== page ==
“I think my favourite thing about llamafile is what it represents. This is a single binary file which you can download and then use, forever, on (almost) any computer.

“You don’t need a network connection, and you don’t need to keep track of more than one file.

“Stick that file on a USB stick and stash it in a drawer as insurance against a future apocalypse. You’ll never be without a language model ever again.

Grubby finger Marc’s everywhere.
Simon Willison – “…was an engineering director at Eventbrite. Simon joined Eventbrite through their acquisition of Lanyrd, a Y Combinator funded company he co-founded in 2010.”

By next year I’ll be a llamafile on usb clean hand. Luxury. I hope. And still a nervous nelly. Stay vigilant.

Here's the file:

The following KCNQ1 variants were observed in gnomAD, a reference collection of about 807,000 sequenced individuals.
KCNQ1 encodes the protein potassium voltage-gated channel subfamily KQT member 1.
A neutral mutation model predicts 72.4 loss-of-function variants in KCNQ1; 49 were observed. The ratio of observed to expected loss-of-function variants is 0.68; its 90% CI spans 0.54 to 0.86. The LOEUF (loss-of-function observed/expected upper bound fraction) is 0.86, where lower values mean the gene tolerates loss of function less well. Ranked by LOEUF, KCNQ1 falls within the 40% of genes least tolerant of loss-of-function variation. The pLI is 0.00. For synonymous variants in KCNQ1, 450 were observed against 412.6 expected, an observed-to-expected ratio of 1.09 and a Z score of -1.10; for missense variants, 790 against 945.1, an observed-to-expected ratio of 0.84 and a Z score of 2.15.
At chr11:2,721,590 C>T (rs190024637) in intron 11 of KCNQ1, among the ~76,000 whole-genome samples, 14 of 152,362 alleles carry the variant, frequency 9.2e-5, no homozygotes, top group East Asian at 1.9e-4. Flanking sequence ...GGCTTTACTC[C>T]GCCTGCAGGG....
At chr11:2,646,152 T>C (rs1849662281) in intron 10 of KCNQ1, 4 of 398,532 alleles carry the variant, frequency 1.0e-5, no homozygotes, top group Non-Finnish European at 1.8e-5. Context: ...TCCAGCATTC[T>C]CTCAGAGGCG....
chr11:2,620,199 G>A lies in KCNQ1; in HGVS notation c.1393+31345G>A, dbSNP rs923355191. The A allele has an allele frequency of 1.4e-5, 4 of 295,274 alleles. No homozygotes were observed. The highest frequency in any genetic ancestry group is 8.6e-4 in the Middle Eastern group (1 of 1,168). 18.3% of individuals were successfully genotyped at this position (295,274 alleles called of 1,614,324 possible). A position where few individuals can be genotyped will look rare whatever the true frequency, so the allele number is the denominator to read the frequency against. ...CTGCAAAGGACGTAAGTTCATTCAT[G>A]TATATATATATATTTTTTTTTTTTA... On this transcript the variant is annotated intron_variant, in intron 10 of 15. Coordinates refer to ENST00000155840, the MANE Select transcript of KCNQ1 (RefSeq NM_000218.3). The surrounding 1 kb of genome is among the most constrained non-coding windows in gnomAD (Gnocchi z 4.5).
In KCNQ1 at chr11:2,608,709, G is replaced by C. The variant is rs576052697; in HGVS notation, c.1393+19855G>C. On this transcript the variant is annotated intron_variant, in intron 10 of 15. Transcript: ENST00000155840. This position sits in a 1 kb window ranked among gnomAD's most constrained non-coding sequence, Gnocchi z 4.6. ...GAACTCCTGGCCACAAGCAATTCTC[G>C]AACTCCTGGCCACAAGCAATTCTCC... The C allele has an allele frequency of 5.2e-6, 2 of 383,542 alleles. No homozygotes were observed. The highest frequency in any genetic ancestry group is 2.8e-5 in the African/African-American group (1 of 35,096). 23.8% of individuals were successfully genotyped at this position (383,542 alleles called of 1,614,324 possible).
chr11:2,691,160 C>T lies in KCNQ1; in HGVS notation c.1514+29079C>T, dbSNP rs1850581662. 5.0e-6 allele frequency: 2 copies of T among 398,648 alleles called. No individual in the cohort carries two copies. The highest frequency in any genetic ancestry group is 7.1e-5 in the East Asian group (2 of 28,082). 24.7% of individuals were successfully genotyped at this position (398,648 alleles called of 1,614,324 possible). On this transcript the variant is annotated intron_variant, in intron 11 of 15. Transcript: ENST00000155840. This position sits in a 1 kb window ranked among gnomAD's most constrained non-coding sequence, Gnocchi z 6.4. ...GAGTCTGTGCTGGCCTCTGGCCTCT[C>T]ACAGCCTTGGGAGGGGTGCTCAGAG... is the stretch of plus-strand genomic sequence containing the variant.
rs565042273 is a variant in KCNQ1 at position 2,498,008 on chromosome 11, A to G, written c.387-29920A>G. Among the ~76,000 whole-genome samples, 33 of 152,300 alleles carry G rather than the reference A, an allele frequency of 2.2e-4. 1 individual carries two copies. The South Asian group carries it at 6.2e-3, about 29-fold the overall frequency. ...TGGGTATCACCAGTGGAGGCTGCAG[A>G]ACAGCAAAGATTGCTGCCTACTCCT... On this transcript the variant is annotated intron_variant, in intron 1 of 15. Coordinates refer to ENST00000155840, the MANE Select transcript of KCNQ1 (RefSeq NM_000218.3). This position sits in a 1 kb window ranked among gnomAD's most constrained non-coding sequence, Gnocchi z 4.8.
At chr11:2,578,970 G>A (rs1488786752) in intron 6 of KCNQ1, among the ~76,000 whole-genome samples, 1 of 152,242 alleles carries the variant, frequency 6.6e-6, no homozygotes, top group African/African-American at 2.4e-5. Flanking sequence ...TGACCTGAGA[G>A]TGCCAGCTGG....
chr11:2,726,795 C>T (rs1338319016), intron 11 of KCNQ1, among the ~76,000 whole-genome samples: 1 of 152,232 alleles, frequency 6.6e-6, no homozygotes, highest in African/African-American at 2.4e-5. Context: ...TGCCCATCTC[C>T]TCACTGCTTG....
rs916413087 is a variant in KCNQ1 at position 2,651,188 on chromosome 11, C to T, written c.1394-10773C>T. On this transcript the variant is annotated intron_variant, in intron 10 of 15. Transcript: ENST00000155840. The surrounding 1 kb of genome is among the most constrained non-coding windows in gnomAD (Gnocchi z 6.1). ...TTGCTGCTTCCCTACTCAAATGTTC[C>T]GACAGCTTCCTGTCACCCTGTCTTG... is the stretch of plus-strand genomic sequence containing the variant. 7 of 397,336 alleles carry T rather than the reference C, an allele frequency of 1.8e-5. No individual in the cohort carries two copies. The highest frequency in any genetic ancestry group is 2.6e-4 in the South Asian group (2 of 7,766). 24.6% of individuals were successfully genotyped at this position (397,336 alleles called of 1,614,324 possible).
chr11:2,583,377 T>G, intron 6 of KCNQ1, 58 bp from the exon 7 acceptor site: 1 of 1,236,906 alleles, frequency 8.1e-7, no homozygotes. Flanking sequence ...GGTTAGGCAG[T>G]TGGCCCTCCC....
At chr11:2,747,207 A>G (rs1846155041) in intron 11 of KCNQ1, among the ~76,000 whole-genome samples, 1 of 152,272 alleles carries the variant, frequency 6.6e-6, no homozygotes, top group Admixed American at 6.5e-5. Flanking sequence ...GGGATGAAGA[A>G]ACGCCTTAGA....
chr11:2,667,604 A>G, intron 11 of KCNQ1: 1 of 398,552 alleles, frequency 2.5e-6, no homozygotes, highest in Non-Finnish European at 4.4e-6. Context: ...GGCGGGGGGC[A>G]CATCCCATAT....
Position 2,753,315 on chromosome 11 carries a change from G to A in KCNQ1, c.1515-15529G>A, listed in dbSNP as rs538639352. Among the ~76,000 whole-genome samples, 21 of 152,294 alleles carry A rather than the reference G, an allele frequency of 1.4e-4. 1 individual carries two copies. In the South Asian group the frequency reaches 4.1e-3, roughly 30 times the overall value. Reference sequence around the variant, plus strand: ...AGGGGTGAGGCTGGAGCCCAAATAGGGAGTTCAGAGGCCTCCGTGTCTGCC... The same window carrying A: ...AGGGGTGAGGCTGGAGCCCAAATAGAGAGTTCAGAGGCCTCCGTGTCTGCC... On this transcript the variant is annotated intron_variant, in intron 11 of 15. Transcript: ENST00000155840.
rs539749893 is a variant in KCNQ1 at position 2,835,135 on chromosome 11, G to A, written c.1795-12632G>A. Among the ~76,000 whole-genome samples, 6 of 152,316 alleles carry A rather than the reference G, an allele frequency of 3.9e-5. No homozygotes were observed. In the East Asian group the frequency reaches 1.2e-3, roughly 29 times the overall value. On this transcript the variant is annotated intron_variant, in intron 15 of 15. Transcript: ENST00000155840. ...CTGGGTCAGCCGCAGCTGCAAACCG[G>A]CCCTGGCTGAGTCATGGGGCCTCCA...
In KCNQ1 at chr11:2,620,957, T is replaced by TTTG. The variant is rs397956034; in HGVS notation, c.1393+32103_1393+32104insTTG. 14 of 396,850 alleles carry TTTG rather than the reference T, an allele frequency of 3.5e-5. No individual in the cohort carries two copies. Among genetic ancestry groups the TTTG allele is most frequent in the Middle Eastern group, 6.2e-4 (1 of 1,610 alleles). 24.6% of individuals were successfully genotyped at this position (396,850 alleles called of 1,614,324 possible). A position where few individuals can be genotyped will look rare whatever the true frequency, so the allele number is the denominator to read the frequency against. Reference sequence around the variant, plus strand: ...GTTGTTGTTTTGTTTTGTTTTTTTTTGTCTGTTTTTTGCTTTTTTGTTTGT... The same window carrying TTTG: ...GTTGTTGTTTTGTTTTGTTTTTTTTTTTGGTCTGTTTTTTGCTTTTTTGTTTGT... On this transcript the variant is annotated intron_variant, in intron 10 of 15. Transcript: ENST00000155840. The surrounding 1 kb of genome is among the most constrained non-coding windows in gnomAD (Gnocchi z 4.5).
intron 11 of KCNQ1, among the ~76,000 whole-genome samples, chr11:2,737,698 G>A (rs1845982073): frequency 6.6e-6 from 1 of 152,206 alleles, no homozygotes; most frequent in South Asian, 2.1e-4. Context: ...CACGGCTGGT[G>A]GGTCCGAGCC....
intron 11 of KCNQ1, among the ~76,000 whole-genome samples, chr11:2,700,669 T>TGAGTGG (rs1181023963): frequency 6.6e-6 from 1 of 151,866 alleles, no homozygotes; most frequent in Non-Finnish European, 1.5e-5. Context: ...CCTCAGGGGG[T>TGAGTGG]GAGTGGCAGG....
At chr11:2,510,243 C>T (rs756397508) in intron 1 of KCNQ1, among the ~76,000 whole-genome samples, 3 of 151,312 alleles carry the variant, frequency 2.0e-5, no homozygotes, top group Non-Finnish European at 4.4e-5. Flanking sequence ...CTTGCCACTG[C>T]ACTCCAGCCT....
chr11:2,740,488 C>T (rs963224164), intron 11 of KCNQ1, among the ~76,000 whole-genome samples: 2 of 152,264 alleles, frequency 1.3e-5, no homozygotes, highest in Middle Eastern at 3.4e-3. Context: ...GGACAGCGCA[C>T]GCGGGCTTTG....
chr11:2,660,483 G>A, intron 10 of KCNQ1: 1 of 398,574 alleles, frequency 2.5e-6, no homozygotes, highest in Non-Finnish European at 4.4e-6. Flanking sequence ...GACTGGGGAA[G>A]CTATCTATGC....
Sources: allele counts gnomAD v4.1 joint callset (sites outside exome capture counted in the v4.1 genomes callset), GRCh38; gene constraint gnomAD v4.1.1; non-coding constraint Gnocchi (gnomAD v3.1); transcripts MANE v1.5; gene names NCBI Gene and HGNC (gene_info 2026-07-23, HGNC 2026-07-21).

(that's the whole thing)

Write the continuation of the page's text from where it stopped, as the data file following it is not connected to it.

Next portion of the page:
Jan Wiklund 12.01.23 at 1:30 pm

Another fact about AI: http://resourceinsights.blogspot.com/2023/11/ai-information-economy-becomes-ever.html, or data transmission consumes already 3% of the total global energy output. Bitcoin used as much energy as Norway, and 5G consumes three times as much energy as 4G.

Perhaps it’s time to consider what is necessary, and what is just a fad or a toy for overgrown kids.

Comments on this entry are closed.